Strategies for Sustainable Filmmaking
I’m the latest “late bloomer” I know. By the time I got around to actually acting on my childhood dream of making movies, I was too old and too poor to quit my day job and go to film school, the typical route of many people in my situation.
Instead, I had to figure out a way to pursue my dream while working full-time at a job entirely unrelated to film. I did this by shooting a series of inexpensive but increasingly ambitious short films that I showed at film festivals. In doing so, I learned a lot about both the craft and business of independent filmmaking, and I met a ton of cool people who would become friends and collaborators.
I did this at the glacial pace of about one new short film per year, beginning in 2005. After several years of devoting my nights, weekends, and vacation time to filmmaking, my unrelated day job eventually became a full-time videography gig in 2010. And finally, I wrote and directed my first feature film in 2012.
Here’s what I learned about how to become a filmmaker:
- You don’t have to go to film school.
- You don’t have to buy expensive equipment.
- You don’t have to have “connections.”
- You don’t have to spend a lot of money.
Now don’t get me wrong, all of these things help. (In fact, if you are well-connected and have money to spend on movies, please call me so I can pitch you on my next project.) But they are not necessary to get started and keep going.
What is necessary, however, is a strategy that empowers you to start making movies now and, more importantly, keep making them and getting them seen. Because your first movie might only be so-so, but your fifth one might be pretty awesome. The trick is getting to your fifth film without destroying your bank account, your relationships, and your sanity.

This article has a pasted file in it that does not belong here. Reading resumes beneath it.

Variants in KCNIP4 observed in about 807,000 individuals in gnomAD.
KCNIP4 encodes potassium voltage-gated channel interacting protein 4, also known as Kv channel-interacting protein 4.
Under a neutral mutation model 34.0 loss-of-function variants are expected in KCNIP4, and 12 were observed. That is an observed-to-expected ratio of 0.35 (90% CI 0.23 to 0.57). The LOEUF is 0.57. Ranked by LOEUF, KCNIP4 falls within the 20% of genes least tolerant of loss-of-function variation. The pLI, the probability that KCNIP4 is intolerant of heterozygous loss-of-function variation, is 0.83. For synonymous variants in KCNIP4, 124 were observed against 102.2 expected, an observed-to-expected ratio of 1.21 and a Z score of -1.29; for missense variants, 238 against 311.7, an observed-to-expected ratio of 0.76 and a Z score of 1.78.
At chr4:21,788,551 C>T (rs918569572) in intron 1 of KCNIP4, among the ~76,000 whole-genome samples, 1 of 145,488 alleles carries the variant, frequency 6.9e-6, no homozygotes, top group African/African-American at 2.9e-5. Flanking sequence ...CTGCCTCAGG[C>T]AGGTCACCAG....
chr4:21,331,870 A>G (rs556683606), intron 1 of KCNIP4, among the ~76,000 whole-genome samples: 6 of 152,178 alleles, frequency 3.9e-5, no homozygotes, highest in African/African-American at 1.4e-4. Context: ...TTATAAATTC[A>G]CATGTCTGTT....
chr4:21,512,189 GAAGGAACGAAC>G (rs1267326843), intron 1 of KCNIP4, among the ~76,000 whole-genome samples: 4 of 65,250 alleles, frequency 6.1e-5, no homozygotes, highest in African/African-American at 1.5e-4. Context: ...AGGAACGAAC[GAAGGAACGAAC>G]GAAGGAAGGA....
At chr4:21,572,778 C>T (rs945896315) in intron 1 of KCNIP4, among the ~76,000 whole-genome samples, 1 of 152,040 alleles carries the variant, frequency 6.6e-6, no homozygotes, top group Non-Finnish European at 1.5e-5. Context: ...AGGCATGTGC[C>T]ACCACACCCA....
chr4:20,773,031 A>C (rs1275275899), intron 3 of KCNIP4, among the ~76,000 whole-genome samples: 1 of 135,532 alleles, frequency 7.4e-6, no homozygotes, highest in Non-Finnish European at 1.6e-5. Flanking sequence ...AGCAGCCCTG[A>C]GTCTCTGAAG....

It’s an approach I call sustainable filmmaking.
This is what I teach at my two hour workshop called, appropriately enough, DON’T QUIT YOUR DAY JOB. Using my experience as a case study, I lead participants in a wide-ranging class that covers the creative process, equipment, marketing, film festivals, and funding.
You won’t become a filmmaker in two hours, but you will leave having a real sense of how you can become one. And, if I’ve done my job right, you’ll be fired-up to start shooting right away.
SCHEDULING & MORE INFO
I typically give DON’T QUIT YOUR DAY JOB as a two-hour workshop. It’s suitable for all ages and I’ve taught groups as small as ten and as large as sixty. The workshop is based on my experiences but oriented to the needs and interests of the attendees, so no two workshops are exactly alike.
If you’d like to host a workshop, contact me.
“An authentically self-taught independent filmmaker, J.P. Chan has thrown all his expertise into a nicely packaged DIY workshop for aspiring filmmakers of all skill levels. His presentation is accessible, honest and provides indispensable information from the point of view of a filmmaker who truly learned his craft by just jumping into it.”
– Rose Pergament, DisOrient Film Festival of Oregon
“J.P.’s workshop rocks! He makes it easy to understand the process and inspires the wannabe filmmaker to jump in. I haven’t encountered anyone else who has explained the process as honestly, clearly, and matter-of-factly.”
– Marvy Schuman, workshop participant
“Even with a large group of 50 people packed into a tiny space, everyone somehow became a tight knit group critiquing, analyzing, asking for advice, and loving the short films in J.P’s filmmaking workshop.”
– Avani Chaaya, , workshop participant
“J.P. gave such a great workshop about making movies that I am going to make my own!”
– Samara, workshop participant, Age 11